You may or may not already know who Scott is. Scott is actually a fantastic photographer, but you probably know his as Chase Jarvis’ right hand man. As I mentioned scott is an amazing photographer who creates the images he does out of pure hard work. Some may say he is extremely luck (especially when you read his favourite gear section) but again this can only be put down to hard work. Enjoy!
Tell us a little about yourself?
I’m a 33 year old photographer and outdoor junkie based in Seattle, Washington. I dig life. It’s been made very sweet by my wife, photography, nature, sports, and living creatively. I spend my days working with the amazing team at Chase Jarvis Inc. doing all things visual, then run to the hills when the work week is finished to set my sights on the great outdoors.
My photographic method is immersive and minimal. I incorporate photography into adventures. I carry a very small kit and try to cover as much ground as possible on foot, skis and bikes. It is through this kinetic mode that I find my images, or they find me.
What made you get into photography?
Contrary to conventional wisdom, going into photography was for me the safe thing to do. For my whole life I had dreamed of being an extreme skier. By the time I was in my early twenties, this singular goal of mine had been fulfilled. I was sponsored by some of the best companies in skiing, was traveling around the world to ski and was appearing in all of the magazines I had read religiously as a kid.
I feel blessed to say that I did not suffer any major injuries during this era, but I did lose friends, had a couple of close calls with avalanches and gradually developed the sense that I was playing with a loaded gun and that I either had to scale back my skiing or end up in serious trouble.
I decided I could tolerate a bit less objective danger, but that I would still need to live a life full of adventure, creativity, exploration and a healthy dose of the great outdoors. Photography became the key to this balanced life.
How did you get started?
My high school photography class with my dad’s Pentax gave me the bare essentials. After that, I put the artform on the back burner while I devoted myself to skiing. I returned to photography one summer as a ready set of hands for a commercial job being shot by a young Chase Jarvis. He and I met on opposite sides of the lens during a shoot for a ski magazine and became fast friends and collaborators.
For a few years I worked at photography in the summer and skiing in the winter. When my wife and I got married, I tipped the scales and photography has been the focus of my career since. Our three month honeymoon in Southeast Asia was a photo safari of sorts for me, and I returned to Seattle full of inspiration and ready to devote my entire energy to the craft.
What sort of photography do you mainly do?
I spend my work week as the right hand man to photographer and director Chase Jarvis. In this capacity I do everything from shooting and retouching stills to concepting and shooting video to creating fine art installations to assisting in the direction of broadcast commercials to writing blog posts for an increasingly massive and passionate audience.
I spend as many remaining hours as I can manage in the mountains where my deepest passions combine. I try to work in a realm that is unique to the combined skillsets I’ve developed. Namely, traveling quickly and safely through some very rugged and potentially dangerous terrain combined with a photographic eye honed by working for ten years at one of the most prolific studios in the country. My goal is to combine an artful rendering of nature at it’s most grand with human powered modes of transportation that inspire and evoke a feeling of freedom and solitude.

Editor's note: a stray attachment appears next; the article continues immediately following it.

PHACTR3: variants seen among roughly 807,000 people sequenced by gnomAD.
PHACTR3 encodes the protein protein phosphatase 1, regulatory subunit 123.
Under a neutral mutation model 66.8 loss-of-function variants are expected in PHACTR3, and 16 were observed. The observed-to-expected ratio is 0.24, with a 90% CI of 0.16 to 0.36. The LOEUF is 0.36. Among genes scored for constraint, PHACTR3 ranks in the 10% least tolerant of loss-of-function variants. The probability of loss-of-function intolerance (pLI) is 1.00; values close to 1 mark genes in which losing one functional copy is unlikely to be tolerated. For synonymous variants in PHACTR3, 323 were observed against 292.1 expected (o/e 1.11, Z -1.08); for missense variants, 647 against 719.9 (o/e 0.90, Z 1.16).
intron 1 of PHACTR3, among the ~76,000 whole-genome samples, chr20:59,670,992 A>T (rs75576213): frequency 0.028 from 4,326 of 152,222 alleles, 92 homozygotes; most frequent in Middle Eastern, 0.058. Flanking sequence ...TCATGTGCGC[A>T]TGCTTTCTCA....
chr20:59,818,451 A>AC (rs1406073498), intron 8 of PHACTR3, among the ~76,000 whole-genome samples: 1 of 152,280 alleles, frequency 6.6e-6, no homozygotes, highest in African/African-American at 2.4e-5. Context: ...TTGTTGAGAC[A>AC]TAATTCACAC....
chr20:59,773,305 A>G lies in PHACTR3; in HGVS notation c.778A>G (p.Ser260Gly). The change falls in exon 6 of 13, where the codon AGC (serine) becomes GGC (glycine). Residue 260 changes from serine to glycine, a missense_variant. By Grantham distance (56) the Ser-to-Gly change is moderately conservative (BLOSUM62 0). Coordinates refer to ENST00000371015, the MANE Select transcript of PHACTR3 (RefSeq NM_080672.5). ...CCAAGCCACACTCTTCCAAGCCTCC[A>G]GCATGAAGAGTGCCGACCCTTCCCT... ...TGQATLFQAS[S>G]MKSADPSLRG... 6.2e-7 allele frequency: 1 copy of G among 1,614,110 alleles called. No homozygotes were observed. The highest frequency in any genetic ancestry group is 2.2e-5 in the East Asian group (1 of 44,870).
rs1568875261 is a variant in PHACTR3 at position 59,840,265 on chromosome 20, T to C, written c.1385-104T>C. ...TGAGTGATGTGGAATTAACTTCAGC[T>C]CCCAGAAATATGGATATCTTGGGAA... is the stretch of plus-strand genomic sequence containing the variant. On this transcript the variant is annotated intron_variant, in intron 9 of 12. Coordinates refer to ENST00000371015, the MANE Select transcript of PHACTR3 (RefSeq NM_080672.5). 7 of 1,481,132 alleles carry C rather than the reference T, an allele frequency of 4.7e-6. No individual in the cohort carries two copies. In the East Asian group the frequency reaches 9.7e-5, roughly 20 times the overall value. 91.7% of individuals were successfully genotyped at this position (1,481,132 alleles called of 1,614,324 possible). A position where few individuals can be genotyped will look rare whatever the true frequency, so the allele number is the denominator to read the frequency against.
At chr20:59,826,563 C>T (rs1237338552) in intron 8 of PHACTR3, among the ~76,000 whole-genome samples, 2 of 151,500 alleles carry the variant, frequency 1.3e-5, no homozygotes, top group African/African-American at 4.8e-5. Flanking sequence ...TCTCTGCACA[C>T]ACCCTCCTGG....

What gear are you using?
While I have free reign of all of the equipment in my studio, my most constant companion is my Olympus EP-3 Micro 4/3 kit. It takes a bit of getting used to shooting with such a small camera and lenses, but the image quality stands up to many far larger cameras. Most importantly, I find that I am willing and able to carry this camera with me everywhere I travel.
The kit is made up of the E-P3 body, the Olympus 14-150 lens, the Olympus 9-18 lens, the VF-1 Viewfinder, and some batteries and cards.
For less remote environments I shoot the Nikon D3s.
Whats your favourite lens and why?
I think the Nikon 70-200 2.8 is the most spectacular combination of electronics and glass I’ve ever handled. It just behaves exactly as you would dream a lens would.
How are you marketing yourself?
I share photography almost every day through Google+, Facebook, and 500px.com. I find that the most important factor in today’s landscape is recency. If you’re not producing and sharing work with great regularity, it’s shocking how fast you fall off of people’s radars.
I am also able to share much of my professional expertise through guest posts on the Chase Jarvis blog.
Whats your favourite photo you have taken?
This photo of a party of skiers climbing the Coleman Glacier on Mount Baker in Washington State is my current favorite photo. It is a panorama stitched together from 12 vertical frames. It perfectly reflects the grandeur of the environment and the small and temporary, yet impactful mark that humans can make on the natural scale.
I’ve tossed in a couple of other favorites as well.
Advice for new photographers looking to go pro?
Follow your gut. There is no possible way I could have drawn a map of my career path 15 years ago. The only constant has been a pursuit of things that invoke genuine passion in me. Sometimes it feels like blind faith is all I’m working with, but every step has opened more doors than I could have thought possible. You’ll know when you’re on the right track for yourself. Follow that track fearlessly.